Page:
While reading an article about history and use of the camera obscura and camera lucida the use of camera obscuras for the plural felt increasingly wrong. (whinge over)

In general when a (foreign) noun-adjective phrase is used in English the noun take the plural (aides-de-camp, adjutants general, etc.)¹. TFD cites "Random House Kernerman Webster's College Dictionary" for the plural camera obscuras, which is also given in wiktionary without citation; no other dictionaries online list a plural.

Of course, camera as an English word derived from the Latin camera = chamber has the plural cameras, but that doesn't mean cameras obscura would be right because in the phrase camera is still Latin. So should we be using camerae obscurae? This is stated in wikipedia without citation. Have I even got the plurals right in Latin? Probably not, I haven't studied Latin for nearly 25 years. Should we semi-anglicise it to cameras obscura?

¹There are many more words and phrases which take the plural in the middle in the answers to this question.

"Which style of Latin plurals should I use?" is relevant but doesn't provide an answer to what we should do in the case of a phrase. I would even say that it might support "cameras obscura" which nothing else does.

  • Given by Wiktionary; RHK Webster's. – Edwin Ashworth Jun 2 '15 at 8:47
  • I was unconvinced by RHK Websters cited through TFD, hence my question (though I abbreviated it differently to you). As for wiktionary (I must admit I didn't check there specifically) with no citation I'm not inclined to treat it as independent of the one I mentioned in the question. – Chris H Jun 2 '15 at 8:54
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    Do whichever or whatever you want. There are no set rules for this. And even if there were you could break them. This isn't French. Are you of the kind that orders three whoppers junior or three whopper juniors? Squirrels to the nuts and nuts to the squirrels. Just don't say octopi. – pazzo Jun 2 '15 at 8:59
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    That's right. @YohannV. Everyone in USA but Italian-Americans call the meal lasagna, which is patently wrong, since it takes more than one lasagna to make lasagne. – pazzo Jun 2 '15 at 9:23
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    @pazzo I'm hungry and angry now ! – Yohann V. Jun 2 '15 at 9:26
up vote 3 down vote accepted

From wiktionary :

Etymology

New Latin, from camera, chamber, + obscura, dark.

Noun

camera obscura (plural camera obscuras)


You can find example of usage in wikipedia page :

Most practical camera obscuras use a lens rather than a pinhole (as in a pinhole camera) because it allows a larger aperture, giving a usable brightness while maintaining focus.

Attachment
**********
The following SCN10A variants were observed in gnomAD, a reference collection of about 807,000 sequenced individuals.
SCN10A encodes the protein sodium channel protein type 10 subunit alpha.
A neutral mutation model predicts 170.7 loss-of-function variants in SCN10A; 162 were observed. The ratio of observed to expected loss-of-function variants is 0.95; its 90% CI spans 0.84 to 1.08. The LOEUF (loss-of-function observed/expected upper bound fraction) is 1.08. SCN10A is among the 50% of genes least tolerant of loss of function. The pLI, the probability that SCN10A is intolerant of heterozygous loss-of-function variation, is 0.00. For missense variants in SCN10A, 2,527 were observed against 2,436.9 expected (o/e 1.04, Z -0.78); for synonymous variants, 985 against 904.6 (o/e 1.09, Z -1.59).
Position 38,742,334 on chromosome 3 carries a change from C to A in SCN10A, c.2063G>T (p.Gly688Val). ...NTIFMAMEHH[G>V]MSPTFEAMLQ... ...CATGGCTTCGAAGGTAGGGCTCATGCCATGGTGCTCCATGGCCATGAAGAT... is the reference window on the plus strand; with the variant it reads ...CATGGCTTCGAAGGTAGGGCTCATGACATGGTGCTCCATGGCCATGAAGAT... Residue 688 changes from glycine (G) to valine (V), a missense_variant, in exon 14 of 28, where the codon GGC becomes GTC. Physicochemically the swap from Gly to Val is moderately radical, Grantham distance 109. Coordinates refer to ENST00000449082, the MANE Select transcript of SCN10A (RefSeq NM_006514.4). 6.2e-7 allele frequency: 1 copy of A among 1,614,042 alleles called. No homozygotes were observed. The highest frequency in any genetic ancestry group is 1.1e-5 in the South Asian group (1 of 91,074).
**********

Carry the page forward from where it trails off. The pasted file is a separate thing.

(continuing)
This is a book in references :

  1. Smith, Roger. "A Look Into Camera Obscuras". Retrieved 2014-10-23.

There is a website :

Cameraobscuras.com George T Keene builds custom camera obscuras like the Griffith Observatory CO in Los Angeles.

And this is also a category : Camera_obscuras


The funny part is that camera in english came from this.

  • I was editing this into the question at the same time as you were writing your answer -- it copies the unconvincing definition only given in one relatively minor source. – Chris H Jun 2 '15 at 9:04
  • @ChrisH Edited my answer. – Yohann V. Jun 2 '15 at 9:10
  • You've found a few more sources, but note that the wikipedia article is inconsistent. – Chris H Jun 2 '15 at 9:27
  • @ChrisH wiktionary or wikipedia? If you can read, hebrew article is nice – Yohann V. Jun 2 '15 at 9:32
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    @ChrisH The term is based on the Latin camera, "(vaulted) chamber or room", and obscura, "darkened" (plural: camerae obscurae). This is Latin as you said. It is not the usage in English. (The other mention is by a french, in a french museum.) Do as you want, but I find wiki totally fine. – Yohann V. Jun 2 '15 at 9:44

Your immediate reaction probably arises from other phrases such as court martial and inspector general. The difference is that these phrases are derived from French, and already have plurals associated with them (courts martial and inspectors general). The term camera obscura seems to have originated with Kepler in 1604, and the term spread as a fixed phrase. As a result, in English the plural is formed by simply adding an s to the final word: camera obscuras.

  • Wikipedia credits Kepler but the cited source actually mentions Herschel. Or would make sense for Herschel, who worked in England, to have introduced the term to English; Kepler on the other hand wrote in Latin and lived mainly in German-speaking countries. He may of course have coined the term. I tagged the discrepancy earlier. I reckon I could find a Latin example though I can't think of one off the top of my head. – Chris H Jun 2 '15 at 17:43

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